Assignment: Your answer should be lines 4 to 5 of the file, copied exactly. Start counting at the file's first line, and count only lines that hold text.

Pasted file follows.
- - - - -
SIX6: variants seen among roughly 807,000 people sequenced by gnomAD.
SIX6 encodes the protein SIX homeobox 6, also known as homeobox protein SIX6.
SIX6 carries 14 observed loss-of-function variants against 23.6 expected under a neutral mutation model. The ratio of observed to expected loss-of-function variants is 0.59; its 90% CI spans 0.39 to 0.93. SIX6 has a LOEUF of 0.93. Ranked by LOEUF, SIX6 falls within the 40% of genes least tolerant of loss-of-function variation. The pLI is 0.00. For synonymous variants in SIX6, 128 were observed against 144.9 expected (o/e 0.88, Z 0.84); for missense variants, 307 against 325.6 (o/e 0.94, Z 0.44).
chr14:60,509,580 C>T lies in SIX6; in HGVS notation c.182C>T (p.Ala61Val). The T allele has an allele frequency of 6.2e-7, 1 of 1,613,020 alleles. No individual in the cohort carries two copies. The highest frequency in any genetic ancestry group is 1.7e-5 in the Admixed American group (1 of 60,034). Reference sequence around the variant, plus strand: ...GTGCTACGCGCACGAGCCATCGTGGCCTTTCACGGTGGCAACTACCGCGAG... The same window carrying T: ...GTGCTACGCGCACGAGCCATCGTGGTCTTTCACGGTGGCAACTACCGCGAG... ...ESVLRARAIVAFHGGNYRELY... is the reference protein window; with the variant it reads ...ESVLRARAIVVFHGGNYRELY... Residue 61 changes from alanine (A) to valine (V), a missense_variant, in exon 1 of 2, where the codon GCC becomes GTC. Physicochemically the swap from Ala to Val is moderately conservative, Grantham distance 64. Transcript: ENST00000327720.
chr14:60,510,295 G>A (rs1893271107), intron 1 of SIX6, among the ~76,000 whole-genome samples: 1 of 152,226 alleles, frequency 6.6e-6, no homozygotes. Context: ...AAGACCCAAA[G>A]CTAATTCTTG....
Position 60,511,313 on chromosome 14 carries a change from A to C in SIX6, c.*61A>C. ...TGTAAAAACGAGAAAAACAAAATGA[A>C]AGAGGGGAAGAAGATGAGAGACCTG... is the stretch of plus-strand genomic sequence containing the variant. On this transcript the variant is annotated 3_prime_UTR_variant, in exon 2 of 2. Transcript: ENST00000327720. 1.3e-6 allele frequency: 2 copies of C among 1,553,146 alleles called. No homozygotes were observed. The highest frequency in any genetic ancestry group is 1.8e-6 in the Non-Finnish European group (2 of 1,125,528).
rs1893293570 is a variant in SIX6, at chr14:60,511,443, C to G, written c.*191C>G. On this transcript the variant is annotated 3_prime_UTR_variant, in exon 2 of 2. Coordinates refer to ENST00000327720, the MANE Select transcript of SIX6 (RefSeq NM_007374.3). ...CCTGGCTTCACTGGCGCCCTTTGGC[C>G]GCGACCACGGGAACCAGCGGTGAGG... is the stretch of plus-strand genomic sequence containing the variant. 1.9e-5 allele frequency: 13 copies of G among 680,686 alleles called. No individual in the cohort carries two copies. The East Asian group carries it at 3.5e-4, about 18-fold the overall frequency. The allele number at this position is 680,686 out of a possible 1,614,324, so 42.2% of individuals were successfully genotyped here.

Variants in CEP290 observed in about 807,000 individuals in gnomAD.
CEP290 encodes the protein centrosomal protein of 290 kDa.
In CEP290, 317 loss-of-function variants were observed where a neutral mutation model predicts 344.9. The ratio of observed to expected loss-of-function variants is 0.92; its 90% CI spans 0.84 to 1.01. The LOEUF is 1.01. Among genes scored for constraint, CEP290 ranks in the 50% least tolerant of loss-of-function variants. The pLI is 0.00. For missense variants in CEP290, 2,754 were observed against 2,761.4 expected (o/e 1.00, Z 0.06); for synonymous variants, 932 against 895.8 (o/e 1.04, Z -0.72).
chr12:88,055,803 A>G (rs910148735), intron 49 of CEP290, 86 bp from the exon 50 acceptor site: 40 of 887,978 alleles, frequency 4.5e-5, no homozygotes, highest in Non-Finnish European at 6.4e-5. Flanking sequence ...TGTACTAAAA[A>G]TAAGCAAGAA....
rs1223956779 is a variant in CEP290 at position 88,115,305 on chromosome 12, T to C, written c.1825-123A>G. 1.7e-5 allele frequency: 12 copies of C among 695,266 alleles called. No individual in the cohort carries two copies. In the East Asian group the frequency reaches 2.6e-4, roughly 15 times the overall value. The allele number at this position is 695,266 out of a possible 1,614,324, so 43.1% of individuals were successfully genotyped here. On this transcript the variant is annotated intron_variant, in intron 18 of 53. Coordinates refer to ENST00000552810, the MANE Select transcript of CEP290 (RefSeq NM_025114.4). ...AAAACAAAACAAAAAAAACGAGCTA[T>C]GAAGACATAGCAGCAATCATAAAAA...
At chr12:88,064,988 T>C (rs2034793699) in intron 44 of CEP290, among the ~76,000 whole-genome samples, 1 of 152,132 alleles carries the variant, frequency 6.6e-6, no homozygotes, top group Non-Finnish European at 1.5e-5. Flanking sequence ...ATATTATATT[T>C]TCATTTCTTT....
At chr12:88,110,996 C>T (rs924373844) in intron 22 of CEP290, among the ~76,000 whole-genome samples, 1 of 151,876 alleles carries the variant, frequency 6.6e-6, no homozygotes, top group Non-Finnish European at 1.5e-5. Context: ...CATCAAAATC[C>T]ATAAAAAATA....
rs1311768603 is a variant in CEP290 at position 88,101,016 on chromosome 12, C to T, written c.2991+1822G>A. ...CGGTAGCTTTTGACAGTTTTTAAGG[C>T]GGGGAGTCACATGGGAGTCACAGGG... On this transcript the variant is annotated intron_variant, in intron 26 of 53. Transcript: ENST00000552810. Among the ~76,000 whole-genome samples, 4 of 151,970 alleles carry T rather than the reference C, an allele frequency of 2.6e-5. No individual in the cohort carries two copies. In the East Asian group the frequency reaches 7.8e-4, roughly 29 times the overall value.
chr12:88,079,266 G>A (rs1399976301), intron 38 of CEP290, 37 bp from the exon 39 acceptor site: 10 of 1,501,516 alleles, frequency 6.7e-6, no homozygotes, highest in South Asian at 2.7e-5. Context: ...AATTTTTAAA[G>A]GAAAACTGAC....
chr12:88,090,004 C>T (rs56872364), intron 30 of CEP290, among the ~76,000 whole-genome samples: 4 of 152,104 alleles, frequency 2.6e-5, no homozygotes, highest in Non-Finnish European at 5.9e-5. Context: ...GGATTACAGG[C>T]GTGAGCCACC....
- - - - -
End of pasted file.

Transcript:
chr14:60,509,580 C>T lies in SIX6; in HGVS notation c.182C>T (p.Ala61Val). The T allele has an allele frequency of 6.2e-7, 1 of 1,613,020 alleles. No individual in the cohort carries two copies. The highest frequency in any genetic ancestry group is 1.7e-5 in the Admixed American group (1 of 60,034). Reference sequence around the variant, plus strand: ...GTGCTACGCGCACGAGCCATCGTGGCCTTTCACGGTGGCAACTACCGCGAG... The same window carrying T: ...GTGCTACGCGCACGAGCCATCGTGGTCTTTCACGGTGGCAACTACCGCGAG... ...ESVLRARAIVAFHGGNYRELY... is the reference protein window; with the variant it reads ...ESVLRARAIVVFHGGNYRELY... Residue 61 changes from alanine (A) to valine (V), a missense_variant, in exon 1 of 2, where the codon GCC becomes GTC. Physicochemically the swap from Ala to Val is moderately conservative, Grantham distance 64. Transcript: ENST00000327720.
chr14:60,510,295 G>A (rs1893271107), intron 1 of SIX6, among the ~76,000 whole-genome samples: 1 of 152,226 alleles, frequency 6.6e-6, no homozygotes. Context: ...AAGACCCAAA[G>A]CTAATTCTTG....